Belfries of Belgium

Gent
The Belfry of Ghent.

 

The 56 Belfries of Belgium and the North of France are belltowers of medieval origin (all built between the 11th and the 17th century), representing the transition from feudalism towards mercantile urban society. In this sence, they are strong symbols of the rise of civil liberties in the Middle Ages. Most of them are attached to the town hall or church.

I guess for us the belfry of Ghent is a special one. On our way to work, we ride our bike up to this belfry each morning. The dragon on top of it watches over our city and for us, this is the most beautiful belfry of them all – and I really think we can say that without being biased. We haven’t seen all 56 of them yet, but maybe we’ll be able to add a few more to the list along the way…

The Mammelokker: entrance to the 18th-century city jail and part of the world heritage of the belfry of Gent.
The Mammelokker: entrance to the 18th-century city jail and part of the world heritage of the belfry of Gent.
The belfry of Dendermonde shows that a belfry is not always an isolated tower.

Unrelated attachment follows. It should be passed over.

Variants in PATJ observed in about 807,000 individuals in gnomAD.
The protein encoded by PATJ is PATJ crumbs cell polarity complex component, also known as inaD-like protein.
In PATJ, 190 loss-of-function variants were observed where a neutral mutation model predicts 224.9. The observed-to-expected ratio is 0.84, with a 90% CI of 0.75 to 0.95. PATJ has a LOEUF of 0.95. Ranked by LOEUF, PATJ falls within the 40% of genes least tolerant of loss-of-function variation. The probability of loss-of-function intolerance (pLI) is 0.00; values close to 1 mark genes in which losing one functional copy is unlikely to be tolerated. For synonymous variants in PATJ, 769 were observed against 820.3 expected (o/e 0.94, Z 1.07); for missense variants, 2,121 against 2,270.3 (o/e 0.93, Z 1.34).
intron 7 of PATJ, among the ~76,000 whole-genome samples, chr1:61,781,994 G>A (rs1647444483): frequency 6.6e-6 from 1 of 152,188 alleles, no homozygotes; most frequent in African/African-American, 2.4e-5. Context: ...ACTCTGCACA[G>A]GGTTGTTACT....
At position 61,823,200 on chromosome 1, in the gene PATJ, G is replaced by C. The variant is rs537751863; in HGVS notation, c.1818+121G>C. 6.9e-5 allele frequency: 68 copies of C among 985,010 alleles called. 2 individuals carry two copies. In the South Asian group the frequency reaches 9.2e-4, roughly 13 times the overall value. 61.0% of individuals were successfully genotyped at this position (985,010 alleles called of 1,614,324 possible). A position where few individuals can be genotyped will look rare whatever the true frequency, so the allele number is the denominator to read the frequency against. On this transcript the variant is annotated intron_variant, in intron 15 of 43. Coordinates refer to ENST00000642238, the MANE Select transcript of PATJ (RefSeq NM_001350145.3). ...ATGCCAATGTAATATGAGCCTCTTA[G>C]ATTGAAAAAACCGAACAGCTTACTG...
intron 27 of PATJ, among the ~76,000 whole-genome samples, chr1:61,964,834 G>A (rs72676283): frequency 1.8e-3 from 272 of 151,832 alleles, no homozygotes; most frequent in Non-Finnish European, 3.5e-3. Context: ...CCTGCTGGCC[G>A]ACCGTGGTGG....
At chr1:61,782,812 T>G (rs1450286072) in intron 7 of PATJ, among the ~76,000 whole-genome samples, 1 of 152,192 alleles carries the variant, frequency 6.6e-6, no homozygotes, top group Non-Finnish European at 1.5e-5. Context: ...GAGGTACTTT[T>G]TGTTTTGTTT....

The belfry of Dendermonde shows that a belfry is not always an isolated tower.
The belfry of Namur (the tower on the left).
The belfry of Namur (the tower on the left).
The little belfry of Tournai, on a sunny winter's day.
The little belfry of Tournai, on a sunny winter’s day.
Top of the belfry of Kortrijk.
Top of the belfry of Kortrijk.
The belfry of Kortrijk.
The belfry of Kortrijk.
The belfry of Herentals, in the city centre.
The belfry of Herentals, in the city centre.
Ambiorix, leader of the Eburones tribe, has a pretty nice view of the belfry of Tongeren.
Ambiorix, leader of the Eburones tribe, has a pretty nice view of the belfry of Tongeren.
The belfry of Bruges is huge!
The belfry of Bruges is huge!

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